House Energy and Power Subcommittee hearing on barriers to modernizing the electric grid

The American Wind Energy Association (AWEA) released the following statement in reaction to today’s Energy and Power Subcommittee hearing, entitled "The American Energy Initiative," focusing on the three biggest barriers to achieving a grid needed to support the nation’s future energy needs: federal siting, cost allocation, and transmission planning for power lines:

"The hearing today demonstrates that the Federal Energy Regulatory Commission (FERC) has shown great leadership in reforming the policies for planning and paying for needed power lines," said Tom Vinson, AWEA senior director of federal regulatory affairs.

"These lines are needed for more than integrating renewable energy. They’re necessary to improve reliability and provide consumers with access to lower priced power. FERC’s new policies should help unlock investment in our aging power grid by ensuring that those who benefit from the lines pay for them, and conversely, those who do not benefit, do not pay.

"In stark contrast, the policies suggested by opponents with an economic interest in maintaining a constrained grid would so narrowly define who benefits and who pays as to ensure many get a free ride. That approach has been tried for decades and clearly has failed to provide the grid our nation needs," Vinson said.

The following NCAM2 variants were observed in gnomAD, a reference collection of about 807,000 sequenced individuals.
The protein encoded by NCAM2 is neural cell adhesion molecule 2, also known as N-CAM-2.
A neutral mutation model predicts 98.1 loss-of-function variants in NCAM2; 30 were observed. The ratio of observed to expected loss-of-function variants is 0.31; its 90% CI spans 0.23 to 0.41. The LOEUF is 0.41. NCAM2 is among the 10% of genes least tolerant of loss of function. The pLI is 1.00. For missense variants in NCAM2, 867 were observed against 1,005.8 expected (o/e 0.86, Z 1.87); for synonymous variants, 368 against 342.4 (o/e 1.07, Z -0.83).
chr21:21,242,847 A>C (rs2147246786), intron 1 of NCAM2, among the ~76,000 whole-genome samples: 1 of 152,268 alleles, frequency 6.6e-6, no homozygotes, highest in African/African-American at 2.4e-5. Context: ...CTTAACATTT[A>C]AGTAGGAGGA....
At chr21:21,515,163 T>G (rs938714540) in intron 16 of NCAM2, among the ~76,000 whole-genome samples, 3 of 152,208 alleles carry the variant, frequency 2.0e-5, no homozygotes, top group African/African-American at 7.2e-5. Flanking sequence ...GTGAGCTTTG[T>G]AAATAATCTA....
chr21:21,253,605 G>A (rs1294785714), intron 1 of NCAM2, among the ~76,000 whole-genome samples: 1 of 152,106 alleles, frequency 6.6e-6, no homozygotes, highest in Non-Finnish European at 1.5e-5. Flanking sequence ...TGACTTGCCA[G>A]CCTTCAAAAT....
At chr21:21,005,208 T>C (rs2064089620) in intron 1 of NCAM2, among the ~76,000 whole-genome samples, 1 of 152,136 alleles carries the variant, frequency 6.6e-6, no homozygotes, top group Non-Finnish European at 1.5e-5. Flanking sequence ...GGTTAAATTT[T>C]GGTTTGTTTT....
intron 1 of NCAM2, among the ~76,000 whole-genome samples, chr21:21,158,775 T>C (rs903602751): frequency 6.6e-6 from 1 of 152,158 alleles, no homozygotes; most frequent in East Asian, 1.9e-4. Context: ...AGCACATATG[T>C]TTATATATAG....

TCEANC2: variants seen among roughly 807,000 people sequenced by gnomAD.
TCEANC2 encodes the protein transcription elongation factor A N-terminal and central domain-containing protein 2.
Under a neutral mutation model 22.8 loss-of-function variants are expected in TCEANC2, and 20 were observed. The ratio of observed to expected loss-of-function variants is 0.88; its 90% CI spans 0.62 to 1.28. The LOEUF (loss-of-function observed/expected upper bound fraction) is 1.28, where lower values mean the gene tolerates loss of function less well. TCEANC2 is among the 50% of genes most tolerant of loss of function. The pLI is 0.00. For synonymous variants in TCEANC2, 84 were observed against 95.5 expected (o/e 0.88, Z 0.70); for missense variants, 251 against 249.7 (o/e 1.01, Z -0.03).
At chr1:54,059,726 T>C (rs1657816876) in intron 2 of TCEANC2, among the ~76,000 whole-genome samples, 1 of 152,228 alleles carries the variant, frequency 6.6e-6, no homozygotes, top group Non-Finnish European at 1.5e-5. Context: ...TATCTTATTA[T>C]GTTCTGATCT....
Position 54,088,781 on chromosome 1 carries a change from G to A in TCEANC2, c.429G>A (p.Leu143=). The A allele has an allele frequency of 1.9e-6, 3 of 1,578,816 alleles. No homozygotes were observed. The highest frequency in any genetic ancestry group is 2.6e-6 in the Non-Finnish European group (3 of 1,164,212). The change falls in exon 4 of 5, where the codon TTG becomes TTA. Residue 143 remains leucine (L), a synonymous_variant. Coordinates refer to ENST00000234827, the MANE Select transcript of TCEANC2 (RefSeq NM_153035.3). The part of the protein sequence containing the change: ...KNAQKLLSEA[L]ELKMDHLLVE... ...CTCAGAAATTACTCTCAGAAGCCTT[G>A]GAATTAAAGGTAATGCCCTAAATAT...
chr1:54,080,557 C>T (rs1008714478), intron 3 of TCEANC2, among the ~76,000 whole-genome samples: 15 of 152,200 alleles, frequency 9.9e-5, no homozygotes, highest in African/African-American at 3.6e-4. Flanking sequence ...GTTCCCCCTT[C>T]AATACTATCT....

AWEA Senior Vice President for Public Policy Rob Gramlich added, "While FERC has done an admirable job of striking the right balance with respect to how transmission lines will be planned and paid for, the siting of transmission projects remains a large hurdle for modernizing the grid and in need of reform.

"There still remains no viable federal siting authority for large-scale, multi-state lines, and as a result, a single state can block lines that advance the country’s energy needs," Gramlich said.

"We therefore encourage Congress to consider giving FERC authority to site electric transmission infrastructure, along the successful model it has for gas lines.

"Until that time, FERC, DOE and other agencies should, within their existing authority, engage in enhanced cooperation to help achieve the goal of ensuring a modernized electric grid gets built that will allow this country compete in the global economy, as well as lowering costs for consumers and advancing environmental goals."